She characterized her husband as working “openly to support the government’s policy of enhancing food security and improved livelihoods in the rural areas, promoting appropriate technologies in water and sanitation, improving teaching and learning in schools, and supporting human resource capacities, especially of young people, through training in leadership skills and community service.”

Ng Shui-Meng also said that in the years before his disappearance, Sombath was helping train monks “to support the government’s drug reduction/rehabilitation programs and care and support for HIV infected/affected people.”

Many international groups have demanded action and answers from the Laos government, including the International Commission of Jurists. That organization released a report with recommendations on how to proceed with the long-stalled investigation.

In a statement on the ICJ website, regional director for Asia and the Pacific Sam Zarifi said, “It is not enough for the Laotian government simply to assert it is investigating this case. International law obliges Lao PDR authorities to conduct an investigation that is credible and effective, along the lines suggested in ICJ’s report.”

Robertson noted that although the government initially acknowledged that it was Sombath who was seen in the CCTV footage from the police post, authorities are now trying to walk back on that admission, suggesting that it was someone else in the video.

“I tend to be an optimist. I think they made a major mistake by taking on someone who was as widely admired as Sombath. The Laos government has the capacity to hold people incommunicado for long periods of time in reeducation camps. He may still be stashed away somewhere by Laos authorities but we don’t have any evidence to confirm that. ”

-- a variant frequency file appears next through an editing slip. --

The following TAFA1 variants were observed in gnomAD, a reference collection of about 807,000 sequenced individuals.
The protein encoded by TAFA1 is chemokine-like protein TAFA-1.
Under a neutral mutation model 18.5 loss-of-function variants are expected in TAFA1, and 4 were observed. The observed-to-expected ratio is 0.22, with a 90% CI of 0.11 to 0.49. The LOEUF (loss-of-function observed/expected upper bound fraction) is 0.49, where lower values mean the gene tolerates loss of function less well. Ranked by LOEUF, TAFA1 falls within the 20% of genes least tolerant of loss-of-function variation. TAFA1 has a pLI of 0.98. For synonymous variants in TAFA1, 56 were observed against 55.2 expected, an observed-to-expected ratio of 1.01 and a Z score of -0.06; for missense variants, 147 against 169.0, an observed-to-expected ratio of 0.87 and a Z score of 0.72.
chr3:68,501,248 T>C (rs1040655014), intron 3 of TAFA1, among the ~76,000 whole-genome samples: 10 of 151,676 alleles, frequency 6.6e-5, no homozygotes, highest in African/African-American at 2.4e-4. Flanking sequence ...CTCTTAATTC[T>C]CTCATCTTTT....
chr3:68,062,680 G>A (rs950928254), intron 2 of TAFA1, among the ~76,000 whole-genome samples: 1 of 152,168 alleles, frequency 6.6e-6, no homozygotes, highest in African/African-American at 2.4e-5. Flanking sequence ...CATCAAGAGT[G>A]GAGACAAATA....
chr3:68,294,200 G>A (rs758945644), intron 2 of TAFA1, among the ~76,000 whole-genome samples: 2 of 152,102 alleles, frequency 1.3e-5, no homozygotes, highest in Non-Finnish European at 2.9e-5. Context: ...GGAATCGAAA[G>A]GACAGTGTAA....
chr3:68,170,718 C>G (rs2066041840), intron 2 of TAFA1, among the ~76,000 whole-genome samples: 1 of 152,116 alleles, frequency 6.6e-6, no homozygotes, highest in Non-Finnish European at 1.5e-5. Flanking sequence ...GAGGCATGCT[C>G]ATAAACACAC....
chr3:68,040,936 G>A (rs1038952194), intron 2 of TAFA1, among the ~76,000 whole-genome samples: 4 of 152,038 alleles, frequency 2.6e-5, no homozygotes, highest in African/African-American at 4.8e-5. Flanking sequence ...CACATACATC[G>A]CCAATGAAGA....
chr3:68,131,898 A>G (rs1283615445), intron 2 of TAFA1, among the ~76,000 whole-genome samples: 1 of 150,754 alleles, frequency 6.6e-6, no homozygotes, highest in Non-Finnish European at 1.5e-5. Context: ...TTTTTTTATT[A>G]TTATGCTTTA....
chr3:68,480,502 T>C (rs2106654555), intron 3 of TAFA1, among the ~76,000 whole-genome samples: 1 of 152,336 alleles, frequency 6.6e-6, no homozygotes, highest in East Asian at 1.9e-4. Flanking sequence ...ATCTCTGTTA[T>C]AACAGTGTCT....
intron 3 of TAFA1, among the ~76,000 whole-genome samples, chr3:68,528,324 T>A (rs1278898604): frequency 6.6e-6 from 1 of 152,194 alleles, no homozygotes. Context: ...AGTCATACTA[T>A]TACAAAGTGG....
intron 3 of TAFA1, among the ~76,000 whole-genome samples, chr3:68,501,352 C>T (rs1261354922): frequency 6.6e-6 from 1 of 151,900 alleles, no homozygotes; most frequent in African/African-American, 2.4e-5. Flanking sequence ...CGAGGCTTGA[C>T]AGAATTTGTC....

The Sombath Initiative’s statement also referenced the Laos government’s campaign of fear against those who speak out against it or push Sombath’s case:

While voices of individuals, organisations and governments from around the world have swelled in concern, those living in the Lao PDR have fallen silent in fear, as the message has been informally passed down from the authorities to not raise Sombath’s case.

“Fear of intimidation in Laos is very, very real,” Robertson said. “It’s clear that there is a degree of intimidation and a great deal of fear in Laos civil society. They don’t even want to mention [Sombath’s] name. [Activists] feel they’re not in a position to do very much because of the pressure from the govt to bury this case.”

That culture of fear extends to other civil and human rights issues as well. As this author reported earlier this year, Human Rights Watch issued a report condemning the extensive and ongoing rights violations occurring in Laos.

Among activists’ major concerns are environmental crises caused by logging, deforestation, and development. There have been some victories, as with the controversial Don Sahong dam, but local activists are often powerless in the face of government contracts and agreements with corporations and neighboring countries, according to Robertson.

Robertson described the Laos government as “very restrictive,” and as “among the most unreformed, rights-abusing govts in Southeast Asia.”

“If you cross them, if you go against them … they will throw you into some of the worst prisons in Southeast Asia,” Robertson said. “And they make no bones about it. To anyone they consider an enemy, they can be as bad as the old Burmese government during the SLORC days. Don’t let the smiles and the tourist pamphlets deceive you otherwise.”